lutetium


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lu·te·ti·um

also lu·te·ci·um  (lo͞o-tē′shē-əm)
n. Symbol Lu
A silvery-white element of the lanthanide series that is exceptionally difficult to separate from the other rare-earth elements with which it is found, used in nuclear technology. Atomic number 71; atomic weight 174.97; melting point 1,663°C; boiling point 3,402°C; specific gravity 9.841 (at 25°C); valence 3. See Periodic Table.

[Latin Lutetia, ancient name of Paris, France (where it was discovered) + -ium.]
American Heritage® Dictionary of the English Language, Fifth Edition. Copyright © 2016 by Houghton Mifflin Harcourt Publishing Company. Published by Houghton Mifflin Harcourt Publishing Company. All rights reserved.

lutetium

(lʊˈtiːʃɪəm) or

lutecium

n
(Elements & Compounds) a silvery-white metallic element of the lanthanide series, occurring in monazite and used as a catalyst in cracking, alkylation, and polymerization. Symbol: Lu; atomic no: 71; atomic wt: 174.967; valency: 3; relative density: 9.841; melting pt: 1663°C; boiling pt: 3402°C
[C19: New Latin, from Latin Lūtētia ancient name of Paris, home of G. Urbain (1872–1938), French chemist, who discovered it]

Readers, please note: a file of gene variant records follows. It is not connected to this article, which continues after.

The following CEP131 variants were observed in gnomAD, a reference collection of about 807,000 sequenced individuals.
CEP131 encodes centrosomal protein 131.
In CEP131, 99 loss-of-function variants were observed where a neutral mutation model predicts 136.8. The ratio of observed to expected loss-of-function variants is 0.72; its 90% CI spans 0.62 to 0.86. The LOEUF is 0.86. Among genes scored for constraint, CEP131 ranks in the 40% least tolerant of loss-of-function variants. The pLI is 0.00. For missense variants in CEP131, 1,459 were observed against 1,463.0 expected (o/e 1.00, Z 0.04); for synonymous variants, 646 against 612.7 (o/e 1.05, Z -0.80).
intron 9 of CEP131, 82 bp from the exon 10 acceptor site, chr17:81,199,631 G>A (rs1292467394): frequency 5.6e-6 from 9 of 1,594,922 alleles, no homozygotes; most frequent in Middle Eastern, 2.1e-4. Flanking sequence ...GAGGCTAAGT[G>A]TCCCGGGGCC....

Collins English Dictionary – Complete and Unabridged, 12th Edition 2014 © HarperCollins Publishers 1991, 1994, 1998, 2000, 2003, 2006, 2007, 2009, 2011, 2014

lu•te•ti•um

(luˈti ʃi əm)

n.
a trivalent rare-earth element. Symbol: Lu; at. wt.: 174.97; at. no.: 71.
[< French lutécium=Lutèce lutetia + -ium2]
Random House Kernerman Webster's College Dictionary, © 2010 K Dictionaries Ltd. Copyright 2005, 1997, 1991 by Random House, Inc. All rights reserved.

lu·te·ti·um

(lo͞o-tē′shē-əm)
Symbol Lu A silvery-white metallic element of the lanthanide series that is used in nuclear technology. Its radioactive isotope is used to find the age of meteorites. Atomic number 71. See Periodic Table.
The American Heritage® Student Science Dictionary, Second Edition. Copyright © 2014 by Houghton Mifflin Harcourt Publishing Company. Published by Houghton Mifflin Harcourt Publishing Company. All rights reserved.
ThesaurusAntonymsRelated WordsSynonymsLegend:
Noun1.lutetium - a trivalent metallic element of the rare earth grouplutetium - a trivalent metallic element of the rare earth group; usually occurs in association with yttrium
metal, metallic element - any of several chemical elements that are usually shiny solids that conduct heat or electricity and can be formed into sheets etc.
Based on WordNet 3.0, Farlex clipart collection. © 2003-2012 Princeton University, Farlex Inc.
Translations
lutetium
لوتيتيوم
лютеций
lutecium
lutetium
LutetiumCassiopeium
lutecio
luteetsium
lutetium
lutécium
lutecij
lutécium
ルテチウム
lutetium
lutetium
lutetium
lutet
lutécio
luteţiu
lutecium
lutecij
lütesyum
Luteti

lutetium

[lʊˈtiːʃɪəm] Nlutecio m
Collins Spanish Dictionary - Complete and Unabridged 8th Edition 2005 © William Collins Sons & Co. Ltd. 1971, 1988 © HarperCollins Publishers 1992, 1993, 1996, 1997, 2000, 2003, 2005

lutetium

n (Chem) → Lutetium nt
Collins German Dictionary – Complete and Unabridged 7th Edition 2005. © William Collins Sons & Co. Ltd. 1980 © HarperCollins Publishers 1991, 1997, 1999, 2004, 2005, 2007